Newsham's always entertaining but he outdid himself at TAC when he read a mock letter of resignation that supposedly came from Deputy Director Hayashi.

The text was confused and confusing but apparently Brad thinks that cab drivers would be better off if Hayashi defied MTA Director Malcom Heinicke's orders and quit her job rather than lease out permits to the companies  ... or some such. Highly entertaining to those of us who've taken the trouble to understand a little of the MTA's byzantine politics. No doubt it will prove so to Heinicke as well.

Maybe Brad thinks on a deeper level than the rest of us, but, I find it hard to understand how drivers on the Waiting List (who Newsham supposedly supports) would be better off if the person most responsible for the continued existence of that list leaves the field.

Or, maybe Newsham is alphabetically challenged and merely attacked the wrong "H." If Brad wants to take cheap-shots at a person, Heinicke would be a more appropriate target. He's the one who wants to ripoff cab drivers and gut the taxi industry for more MTA funding.

Sunday, May 13, 2012

Taxi Services Staff Recommendations

The MTA Staff has released a draft of their recommendations in advance of the Monday, May 14th TAC meeting. The draft is available on the MTA website and ordinarily I would present the text without comment.

However, an earlier draft of recommendations released by Staff "for discussion" has led to all sorts of wild speculations, inaccuracies and distortions presented as fact. This in turn has upset a lot of drivers who have been falsely told that they'll either lose their shifts or their chances to earn a medallion.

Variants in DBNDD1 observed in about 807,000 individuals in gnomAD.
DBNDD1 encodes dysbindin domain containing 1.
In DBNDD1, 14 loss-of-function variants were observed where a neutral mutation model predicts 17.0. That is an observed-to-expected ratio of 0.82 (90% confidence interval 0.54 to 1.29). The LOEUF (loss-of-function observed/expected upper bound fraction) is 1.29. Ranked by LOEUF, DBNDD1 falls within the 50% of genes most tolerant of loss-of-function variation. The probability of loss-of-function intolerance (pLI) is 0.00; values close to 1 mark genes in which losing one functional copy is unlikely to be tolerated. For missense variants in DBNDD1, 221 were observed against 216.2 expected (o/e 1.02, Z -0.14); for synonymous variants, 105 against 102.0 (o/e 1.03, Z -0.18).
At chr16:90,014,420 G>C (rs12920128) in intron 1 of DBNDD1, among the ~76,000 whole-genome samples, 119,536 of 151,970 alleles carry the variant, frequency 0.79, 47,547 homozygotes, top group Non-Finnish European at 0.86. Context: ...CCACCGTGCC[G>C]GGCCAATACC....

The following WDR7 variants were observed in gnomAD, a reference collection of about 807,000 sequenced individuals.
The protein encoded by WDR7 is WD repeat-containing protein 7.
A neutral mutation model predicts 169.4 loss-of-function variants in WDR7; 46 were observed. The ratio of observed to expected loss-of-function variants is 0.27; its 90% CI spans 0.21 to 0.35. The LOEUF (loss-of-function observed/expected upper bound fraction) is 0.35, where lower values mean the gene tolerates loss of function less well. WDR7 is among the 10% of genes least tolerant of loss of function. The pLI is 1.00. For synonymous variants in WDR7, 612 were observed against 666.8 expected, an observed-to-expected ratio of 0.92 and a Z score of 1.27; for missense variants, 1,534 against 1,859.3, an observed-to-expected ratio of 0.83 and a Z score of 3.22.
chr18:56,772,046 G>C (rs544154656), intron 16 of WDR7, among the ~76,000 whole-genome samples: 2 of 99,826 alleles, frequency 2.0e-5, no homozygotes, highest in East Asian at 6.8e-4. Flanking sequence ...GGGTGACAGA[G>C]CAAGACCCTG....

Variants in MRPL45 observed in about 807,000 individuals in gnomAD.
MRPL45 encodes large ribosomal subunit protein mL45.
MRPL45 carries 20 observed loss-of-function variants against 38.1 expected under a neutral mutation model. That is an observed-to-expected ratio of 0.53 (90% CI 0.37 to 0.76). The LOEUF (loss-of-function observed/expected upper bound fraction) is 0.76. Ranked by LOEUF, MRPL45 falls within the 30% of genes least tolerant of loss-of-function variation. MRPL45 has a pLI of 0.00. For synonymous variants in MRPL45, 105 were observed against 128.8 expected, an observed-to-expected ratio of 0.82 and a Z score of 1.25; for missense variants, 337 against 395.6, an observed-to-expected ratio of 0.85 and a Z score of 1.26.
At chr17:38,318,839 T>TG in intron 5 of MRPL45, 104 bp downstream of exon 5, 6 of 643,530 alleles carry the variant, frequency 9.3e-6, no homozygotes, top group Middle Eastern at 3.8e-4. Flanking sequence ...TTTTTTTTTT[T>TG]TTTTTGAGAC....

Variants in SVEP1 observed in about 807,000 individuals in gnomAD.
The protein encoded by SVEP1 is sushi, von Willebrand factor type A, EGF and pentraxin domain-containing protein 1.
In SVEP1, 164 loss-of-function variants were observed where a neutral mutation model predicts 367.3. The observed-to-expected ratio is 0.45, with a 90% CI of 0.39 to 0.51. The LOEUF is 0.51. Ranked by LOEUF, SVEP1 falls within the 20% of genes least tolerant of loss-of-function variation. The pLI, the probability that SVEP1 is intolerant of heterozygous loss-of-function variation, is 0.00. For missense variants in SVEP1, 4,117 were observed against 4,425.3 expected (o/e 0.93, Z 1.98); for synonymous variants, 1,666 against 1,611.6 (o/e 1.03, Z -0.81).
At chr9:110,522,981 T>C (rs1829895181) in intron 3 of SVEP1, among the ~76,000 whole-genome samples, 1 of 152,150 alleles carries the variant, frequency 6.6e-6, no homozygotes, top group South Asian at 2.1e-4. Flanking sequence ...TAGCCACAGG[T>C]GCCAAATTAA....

Therefore, I'm going to highlight a few of the main points (with commentary) before listing the entire document.

  • Qualified applicants will remain on the list.
  • MTA staff has removed people from the list who don't have A-Cards or driving permits, already hold medallions or don't respond to mail, etc.
  • This action has reduced the size of The List from 2,800 to 1,400.
  • The plan is to give all of the eligible 1,400 drivers earned medallions as their number comes up.
  • All remaining 350 Pre-K medallions will go to the Waiting List as they are returned to the MTA.
  • Half of all new medallions will go to the Waiting List. (See the chart near the bottom of the draft.)
  • Post-K medallion holders will be able to sell their medallions at any age.
  • But Affiliates will be reduced to a maximum of one-third of the fleet. (Currently 500 cabs.)
  • Some long term leases will be gradually converted to gates & gas so that neither lessees nor their drivers will be hurt by the conversion.
  • These permits WILL NOT be taken from medallion holders or in any way reduce the number of medallions available for drivers.
  • They will come from a percentage of new issues only (See chart).
  • They will be temporary. 
Of course there is much more to the plan and this isn't the final version. Some of it will also probably be changed or modified during Taxi Advisory or Town Hall meetings.

I'm not giving my opinions on the ideas at the moment. I'm simply interested in presenting the plan as it is. There have been enough opinions already expressed without facts. Erroneous and emotionally loaded conjectures don't do service to anybody.

To see the actual draft click below.